Harder than you think.
I was hired to create a site for Paris By Design, a small business in Vermont that specializes in custom tours to Paris and Montreal. The existing site had tons of great information but it was all crammed into a few very long pages. That had to change. It also had great photos, but they were so tiny you couldn’t see any detail. The site was also looking dated ( click here to see a screenshot of the previous site). I couldn’t wait to get started.
How do you sell custom tours to Paris?
So… how do you sell custom tours to Paris and Montreal? Start with lots of big beautiful photos. (Duh.) But not just any photos. Very, very specific ones.
The Mega-Criteria List
I didn’t set out to scale Everest, but if the site was to be successful, it needed a distinctive look and just the right feel. It needed a curated bank of images with a common thread to give it a branded, consistent look. Otherwise it would end up looking like a patchwork quilt, or a generic Air France holiday package site. And the last thing you want is to look like all your competitors. (Why? Because when you offer the customer the same thing, you invite commodification i.e. a price-war.)
- professional photos with great lighting and an interesting angle
- images wide enough to be cropped into a wide-and-short banner without losing their appeal
- warm colors/tones for a friendly, approachable feel
- scenes that are quintessentially Paris or Montreal (not Rome or Madrid or New York)
- beautiful but still believable (i.e. no Instagram or Pinterest-perfect shots with models)
- daytime images as most tours happen during the day and clients tend to be 35 yrs +
- ideally include other humans, so clients can picture themselves as part of the scene
- cheap (did I mention we were on a budget?)
So, checklist in hand, I put on my Art Director hat and went a-prospecting. First stop, professional photographers (via Flickr.com). I figured I could negotiate a win-win deal: a reduced price in exchange for buying a dozen or more shots. Well, I found some gorgeous portfolios of travel photographers—some way out of budget, some within—based in the US, Canada and Europe. However, in their quest for aesthetic perfection and to avoid pesky tourists marring the images, most shots were taken either at dawn or late at night. Some had hand-painted areas. They were beautiful—perfect for hanging on a wall, or for a museum site or art gallery. But I needed more commercial images with life in them, not frozen fine art fantasy scenes.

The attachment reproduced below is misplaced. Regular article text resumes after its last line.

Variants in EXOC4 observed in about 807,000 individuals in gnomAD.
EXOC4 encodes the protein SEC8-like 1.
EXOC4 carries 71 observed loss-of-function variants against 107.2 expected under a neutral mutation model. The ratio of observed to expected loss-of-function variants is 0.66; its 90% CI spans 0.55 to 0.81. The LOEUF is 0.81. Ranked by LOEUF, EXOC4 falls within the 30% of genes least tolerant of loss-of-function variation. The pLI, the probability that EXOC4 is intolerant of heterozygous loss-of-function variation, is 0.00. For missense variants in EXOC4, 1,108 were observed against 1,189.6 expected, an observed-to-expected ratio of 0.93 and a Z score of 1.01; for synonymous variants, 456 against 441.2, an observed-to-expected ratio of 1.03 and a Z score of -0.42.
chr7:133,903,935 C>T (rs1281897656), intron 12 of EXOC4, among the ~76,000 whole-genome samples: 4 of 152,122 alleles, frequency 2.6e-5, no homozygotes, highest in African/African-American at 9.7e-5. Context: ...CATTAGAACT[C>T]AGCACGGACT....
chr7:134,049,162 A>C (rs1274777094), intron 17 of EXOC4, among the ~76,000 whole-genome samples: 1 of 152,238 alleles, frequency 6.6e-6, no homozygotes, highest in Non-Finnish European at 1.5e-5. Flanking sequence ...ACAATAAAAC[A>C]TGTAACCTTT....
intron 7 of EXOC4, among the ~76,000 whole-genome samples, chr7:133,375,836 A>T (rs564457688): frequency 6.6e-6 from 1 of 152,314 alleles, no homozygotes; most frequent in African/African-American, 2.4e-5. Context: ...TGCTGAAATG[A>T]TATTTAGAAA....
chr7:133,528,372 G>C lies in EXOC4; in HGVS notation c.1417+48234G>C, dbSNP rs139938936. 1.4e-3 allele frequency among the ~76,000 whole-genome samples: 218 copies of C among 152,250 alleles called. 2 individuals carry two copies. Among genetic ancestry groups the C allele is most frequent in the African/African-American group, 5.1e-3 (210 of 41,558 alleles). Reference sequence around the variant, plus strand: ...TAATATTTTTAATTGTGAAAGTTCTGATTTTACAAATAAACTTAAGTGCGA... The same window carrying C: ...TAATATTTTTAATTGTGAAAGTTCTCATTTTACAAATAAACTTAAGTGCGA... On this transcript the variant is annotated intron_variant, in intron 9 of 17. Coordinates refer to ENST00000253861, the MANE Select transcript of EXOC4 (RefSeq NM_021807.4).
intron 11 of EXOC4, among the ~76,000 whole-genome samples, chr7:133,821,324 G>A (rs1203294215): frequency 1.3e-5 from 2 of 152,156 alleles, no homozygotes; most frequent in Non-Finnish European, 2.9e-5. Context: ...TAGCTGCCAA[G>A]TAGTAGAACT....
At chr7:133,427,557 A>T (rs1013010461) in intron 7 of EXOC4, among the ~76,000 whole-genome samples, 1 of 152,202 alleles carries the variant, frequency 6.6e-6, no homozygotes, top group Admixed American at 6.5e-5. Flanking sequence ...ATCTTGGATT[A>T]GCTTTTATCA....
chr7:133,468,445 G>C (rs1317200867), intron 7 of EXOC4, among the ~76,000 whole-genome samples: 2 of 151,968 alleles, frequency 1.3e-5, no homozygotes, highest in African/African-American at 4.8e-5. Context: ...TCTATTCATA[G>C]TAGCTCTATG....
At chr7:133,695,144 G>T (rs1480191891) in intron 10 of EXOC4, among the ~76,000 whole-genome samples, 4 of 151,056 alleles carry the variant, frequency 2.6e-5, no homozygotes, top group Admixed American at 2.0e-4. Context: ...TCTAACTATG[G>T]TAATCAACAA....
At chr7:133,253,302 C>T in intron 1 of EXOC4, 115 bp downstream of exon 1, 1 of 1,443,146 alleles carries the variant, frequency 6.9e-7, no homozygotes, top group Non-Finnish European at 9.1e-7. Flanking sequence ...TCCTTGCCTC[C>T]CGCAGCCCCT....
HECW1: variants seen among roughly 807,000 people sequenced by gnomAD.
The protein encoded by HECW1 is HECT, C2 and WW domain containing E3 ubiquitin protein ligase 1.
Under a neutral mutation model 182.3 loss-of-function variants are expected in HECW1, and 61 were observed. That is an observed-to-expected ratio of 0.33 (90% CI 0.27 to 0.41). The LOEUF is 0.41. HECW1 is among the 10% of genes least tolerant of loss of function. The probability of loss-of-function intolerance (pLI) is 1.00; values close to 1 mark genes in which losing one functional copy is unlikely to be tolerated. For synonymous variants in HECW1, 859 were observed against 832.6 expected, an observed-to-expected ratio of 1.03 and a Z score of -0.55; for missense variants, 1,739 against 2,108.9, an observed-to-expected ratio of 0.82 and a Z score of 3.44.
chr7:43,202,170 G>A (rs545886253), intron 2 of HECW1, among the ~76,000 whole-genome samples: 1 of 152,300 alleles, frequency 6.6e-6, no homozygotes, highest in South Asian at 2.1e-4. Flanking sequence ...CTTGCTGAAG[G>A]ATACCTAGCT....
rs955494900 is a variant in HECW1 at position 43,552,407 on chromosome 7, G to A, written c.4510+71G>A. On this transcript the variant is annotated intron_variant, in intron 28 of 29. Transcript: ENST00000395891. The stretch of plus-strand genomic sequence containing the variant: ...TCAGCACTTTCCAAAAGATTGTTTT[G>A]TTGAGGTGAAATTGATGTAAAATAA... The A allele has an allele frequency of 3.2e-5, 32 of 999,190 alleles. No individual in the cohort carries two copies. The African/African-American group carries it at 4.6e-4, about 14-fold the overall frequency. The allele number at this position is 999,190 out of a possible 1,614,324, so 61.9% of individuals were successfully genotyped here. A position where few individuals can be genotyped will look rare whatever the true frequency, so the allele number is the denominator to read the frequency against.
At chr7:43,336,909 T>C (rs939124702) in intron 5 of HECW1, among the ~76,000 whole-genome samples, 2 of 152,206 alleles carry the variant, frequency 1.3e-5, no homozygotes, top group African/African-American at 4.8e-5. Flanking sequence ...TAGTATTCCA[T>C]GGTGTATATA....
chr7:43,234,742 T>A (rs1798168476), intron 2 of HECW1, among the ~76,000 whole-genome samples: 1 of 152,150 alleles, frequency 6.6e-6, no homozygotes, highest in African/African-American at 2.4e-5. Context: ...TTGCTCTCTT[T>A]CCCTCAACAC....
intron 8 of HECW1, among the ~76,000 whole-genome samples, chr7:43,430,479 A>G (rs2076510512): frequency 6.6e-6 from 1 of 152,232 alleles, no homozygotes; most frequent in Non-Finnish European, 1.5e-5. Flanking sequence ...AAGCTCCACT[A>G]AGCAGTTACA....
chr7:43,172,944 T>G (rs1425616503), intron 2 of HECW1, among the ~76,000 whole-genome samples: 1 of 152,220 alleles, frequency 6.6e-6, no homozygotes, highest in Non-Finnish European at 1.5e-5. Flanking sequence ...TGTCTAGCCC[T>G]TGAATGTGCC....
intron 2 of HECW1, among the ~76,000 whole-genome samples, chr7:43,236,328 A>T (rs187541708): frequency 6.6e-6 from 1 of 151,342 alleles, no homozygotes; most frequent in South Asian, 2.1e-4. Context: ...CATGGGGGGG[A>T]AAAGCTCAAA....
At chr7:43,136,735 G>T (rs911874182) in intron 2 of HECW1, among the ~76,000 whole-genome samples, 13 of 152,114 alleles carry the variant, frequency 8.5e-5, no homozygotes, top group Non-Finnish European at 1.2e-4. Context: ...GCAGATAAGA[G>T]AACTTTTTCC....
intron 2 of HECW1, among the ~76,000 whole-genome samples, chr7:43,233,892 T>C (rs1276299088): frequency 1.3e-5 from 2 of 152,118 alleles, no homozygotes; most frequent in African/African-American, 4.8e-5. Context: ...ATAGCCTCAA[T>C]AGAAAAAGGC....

Stock Image Hell
Next stop, stock image sites. Okay, you can guess where this is going. Bad lighting and cliché images. The worst part? Perfect models with perfect non-French teeth and big non-French smiling attitudes, in dumb poses. No shortage of shots showing fancy cups of cappuccino (where were the bowls of café au lait??), plates of croissants, the eiffel tower, and red stiletto heels (no respectable French woman would be caught dead in red stilettos during the day. Yeesh. I wanted authentic shop and café scenes with local residents, preferably smoking, drinking wine at lunch, and looking vaguely dissatisfied with life in general…. you know, French. But no.
Where oh where was I going to find my photos? They had to be out there somewhere.
Then I started thinking strategically. Who has an active interest in helping tour companies succeed? Who supports these companies within their industry? Who offers resources that are often overlooked, because they’re assumed to be sub-par, based on their track record?
Government-sponsored tourism boards. Maybe, just maybe, they might have something usable.
I found the Paris Tourism Office website. And guess what? They had a database of photos of Paris! Taken by local professional photographers! And they were free to use (for bona fide tour operators selling Paris, and with credit given to the photographers)! Same with the Montreal Tourism Office. I was dancing for days.
Now – admittedly, I still had to search through the thousands of images on each database, because they were not all winners. In the end, only about 20% made the grade. Also, the software to download them was clunky and time-consuming, and they all needed to be re-sized in Photoshop and re-formatted and uploaded to the site and integrated, but hey… I had found exactly the kind of images I needed! And did I mention they were free?
What about Competitors?
What’s to stop a competitor doing the same thing? Technically, nothing. Except that it’s unlikely that they would want to use exactly the same photos as another site, and even more unlikely that they’d use them in the same wide-and-short cropped format. These free photos also come with strings attached: the work involved in sorting through them, processing them into different sizes and formats for web-use, and accrediting them properly.
For Future Reference
Finding the right photos for a website is a tricky business. You need a list of specific criteria tailored to your target market, a good eye to spot photos with potential, photo editing skills, and either a lot of time or a large budget. Since most clients have more time than money, this is where an art director can save (and make) you a ton of money.
The client now has a bank of curated images that fit the established criteria. This ensures that the site’s look will remain consistent over time. She can use them on her website, future blog posts, tour descriptions, social media, and printed materials. She’s pretty happy.
I love a great art director challenge. Send me yours!